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Teaching teachers about the environment outdoors

Mike De Lasaux demonstrates how foresters determine the age of a tree by taking a core sample and counting the rings.
One approach to improving science literacy of children is to train their teachers in environmental education. Using the forest as a classroom, Project Learning Tree, now a program delivered through UC Cooperative Extension, educates teachers about the environment and provides ideas and the tools needed for integrating environmental education into their core curriculum. 

The primary goal of PLT is to teach people how to think, not what to think, about complex environmental issues. This has been the vision of PLT since the mid-1970s, inspiring educators to teach and students to learn about their environment, by doing.

At the outdoor workshops, foresters demonstrate forest practices and talk about forest science. For example, Mike De Lasaux, UC Cooperative Extension forestry advisor in Plumas and Sierras counties, leads participants out to take tree measurements and shows them how foresters determine the age of a tree by taking a core sample and counting the rings.

“The program is designed for teachers and other educators, parents and community leaders who work with youth from preschool age up through grade 12,” said Sandy Derby, UC Cooperative Extension statewide coordinator.

Tom Catchpole leads participants through a Talk About Trees activity to gain a better understanding of forestry science and to practice applying the knowledge to activities they can do with their students.
Studies have shown that when environmental education and outdoor learning activities are integrated into curricula, student achievement increases, including their test scores in science and math.

Recognized as a leader in environmental education for more than 35 years, the program started by the American Forest Foundation enhances critical thinking, problem-solving and effective decision-making skills, Derby said.

How does it all work? Project Learning Tree collaborates with a network of more than 200 facilitators, natural resources professionals and researchers across the state to provide three types of trainings: educator workshops, training with the Forest Institute for Teachers and train-the-trainer workshops.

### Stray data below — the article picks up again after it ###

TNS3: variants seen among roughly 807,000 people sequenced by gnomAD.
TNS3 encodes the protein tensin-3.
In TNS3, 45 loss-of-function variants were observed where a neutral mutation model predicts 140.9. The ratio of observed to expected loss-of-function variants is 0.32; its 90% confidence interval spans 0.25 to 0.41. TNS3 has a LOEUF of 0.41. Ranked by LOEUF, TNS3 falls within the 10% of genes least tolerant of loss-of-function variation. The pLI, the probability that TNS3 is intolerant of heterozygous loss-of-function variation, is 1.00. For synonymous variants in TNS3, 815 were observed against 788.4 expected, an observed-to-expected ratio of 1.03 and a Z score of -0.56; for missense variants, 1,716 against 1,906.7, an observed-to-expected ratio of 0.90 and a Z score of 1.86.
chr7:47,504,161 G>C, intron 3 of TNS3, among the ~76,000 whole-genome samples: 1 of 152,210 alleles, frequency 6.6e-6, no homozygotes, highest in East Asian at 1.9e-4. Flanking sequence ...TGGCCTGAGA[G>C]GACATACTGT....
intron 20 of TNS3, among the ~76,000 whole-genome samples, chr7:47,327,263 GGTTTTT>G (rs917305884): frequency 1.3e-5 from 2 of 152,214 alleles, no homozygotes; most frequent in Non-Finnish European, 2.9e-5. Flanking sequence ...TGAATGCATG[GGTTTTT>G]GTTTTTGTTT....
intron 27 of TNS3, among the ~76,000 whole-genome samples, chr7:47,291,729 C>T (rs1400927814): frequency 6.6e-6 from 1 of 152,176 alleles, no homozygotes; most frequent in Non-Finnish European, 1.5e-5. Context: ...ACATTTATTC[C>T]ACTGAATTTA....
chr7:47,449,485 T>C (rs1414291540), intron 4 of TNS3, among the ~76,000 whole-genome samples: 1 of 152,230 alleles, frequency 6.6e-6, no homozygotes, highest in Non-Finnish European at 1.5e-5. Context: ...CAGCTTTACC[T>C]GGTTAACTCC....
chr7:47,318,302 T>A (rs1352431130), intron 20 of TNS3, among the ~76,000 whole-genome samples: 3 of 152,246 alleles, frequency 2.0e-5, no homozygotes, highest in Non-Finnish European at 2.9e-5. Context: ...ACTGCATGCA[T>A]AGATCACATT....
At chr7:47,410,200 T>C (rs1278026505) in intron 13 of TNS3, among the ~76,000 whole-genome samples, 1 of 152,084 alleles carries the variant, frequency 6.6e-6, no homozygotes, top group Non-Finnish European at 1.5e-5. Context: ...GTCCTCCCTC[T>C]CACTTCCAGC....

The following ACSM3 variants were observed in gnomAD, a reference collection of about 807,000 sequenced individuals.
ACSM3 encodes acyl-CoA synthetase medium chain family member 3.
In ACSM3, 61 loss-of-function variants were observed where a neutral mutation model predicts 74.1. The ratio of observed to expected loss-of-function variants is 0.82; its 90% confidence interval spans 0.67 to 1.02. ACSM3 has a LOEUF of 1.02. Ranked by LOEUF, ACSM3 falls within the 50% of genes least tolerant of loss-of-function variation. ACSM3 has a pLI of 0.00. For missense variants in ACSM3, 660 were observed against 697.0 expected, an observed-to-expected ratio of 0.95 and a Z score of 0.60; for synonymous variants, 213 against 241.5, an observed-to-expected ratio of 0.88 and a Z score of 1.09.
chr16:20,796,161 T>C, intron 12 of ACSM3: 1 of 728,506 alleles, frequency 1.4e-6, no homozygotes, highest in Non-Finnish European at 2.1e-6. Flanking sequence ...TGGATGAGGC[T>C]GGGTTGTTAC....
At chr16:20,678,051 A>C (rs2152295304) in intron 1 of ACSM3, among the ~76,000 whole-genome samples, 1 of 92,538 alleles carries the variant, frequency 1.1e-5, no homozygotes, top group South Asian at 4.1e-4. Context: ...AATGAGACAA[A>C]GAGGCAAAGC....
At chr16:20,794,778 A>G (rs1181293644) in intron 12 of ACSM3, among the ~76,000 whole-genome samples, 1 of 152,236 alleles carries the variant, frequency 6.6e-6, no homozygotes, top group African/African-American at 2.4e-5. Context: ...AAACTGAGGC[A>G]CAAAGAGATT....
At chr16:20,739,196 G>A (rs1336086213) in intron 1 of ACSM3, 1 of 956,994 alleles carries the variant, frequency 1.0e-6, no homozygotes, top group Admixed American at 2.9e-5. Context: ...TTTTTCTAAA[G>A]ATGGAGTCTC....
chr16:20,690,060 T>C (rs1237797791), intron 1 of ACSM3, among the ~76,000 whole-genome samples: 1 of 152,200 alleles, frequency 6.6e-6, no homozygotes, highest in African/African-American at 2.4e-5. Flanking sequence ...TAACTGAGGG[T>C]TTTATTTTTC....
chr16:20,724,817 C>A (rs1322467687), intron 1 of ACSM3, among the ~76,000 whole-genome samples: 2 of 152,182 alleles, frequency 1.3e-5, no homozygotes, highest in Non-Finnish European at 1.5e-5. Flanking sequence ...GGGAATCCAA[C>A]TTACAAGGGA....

Project Learning Tree's educator workshops are six to eight hours on one or more days and offered at UC ANR Research and Extension Centers located around the state. They focus on introducing the goals and vision of teaching and learning using PLT best practices. Each educator receives a PLT guide for use in the classroom.

Teachers learn how to take tree measurements from Mike De Lasaux and Tom Catchpole at a Forest Institute for Teachers workshop.
Every summer, PLT participates in the Forest Institute for Teachers, a six-day intensive training offered at four locations. The participants spend the mornings with forestry experts or researchers on field excursions to learn about science, current research and issues, and management challenges from different perspectives. Their afternoons are spent applying that knowledge, working in grade-level teams to engage in best practices of integrating content into experience-based teaching.

After taking the PLT educator workshops, graduates can take a two-day training to learn how to train others. Train-the-trainer workshops are offered a few times each year in different locations. 

Project Learning Tree in California was delivered by CALFIRE for 25 years before becoming part of UC Cooperative Extension. In 2013, under UCCE advisor De Lasaux's guidance, Project Learning Tree was brought into UC Cooperative Extension to create more collaborative partnerships, engage more natural resources professionals and to expand the number of educators trained to use PLT materials.

For more information about Project Learning Tree, updates on workshops, or questions on how to become part of this expansive network, contact Sandy Derby at stderby@ucanr.edu or visit http://ucanr.edu/sites/PLT_UCCE. To learn more about the Forest Institute for Teachers, visit http://www.forestryinstitute.org.

For 100 years, the University of California Cooperative Extension researchers and educators have been drawing on local expertise to conduct agricultural, environmental, economic, youth development and nutrition research that helps California thrive. UC Cooperative Extension is part of the University of California's systemwide Division of Agriculture and Natural Resources. Learn more at ucanr.edu.

 

Posted on Friday, December 12, 2014 at 8:30 AM

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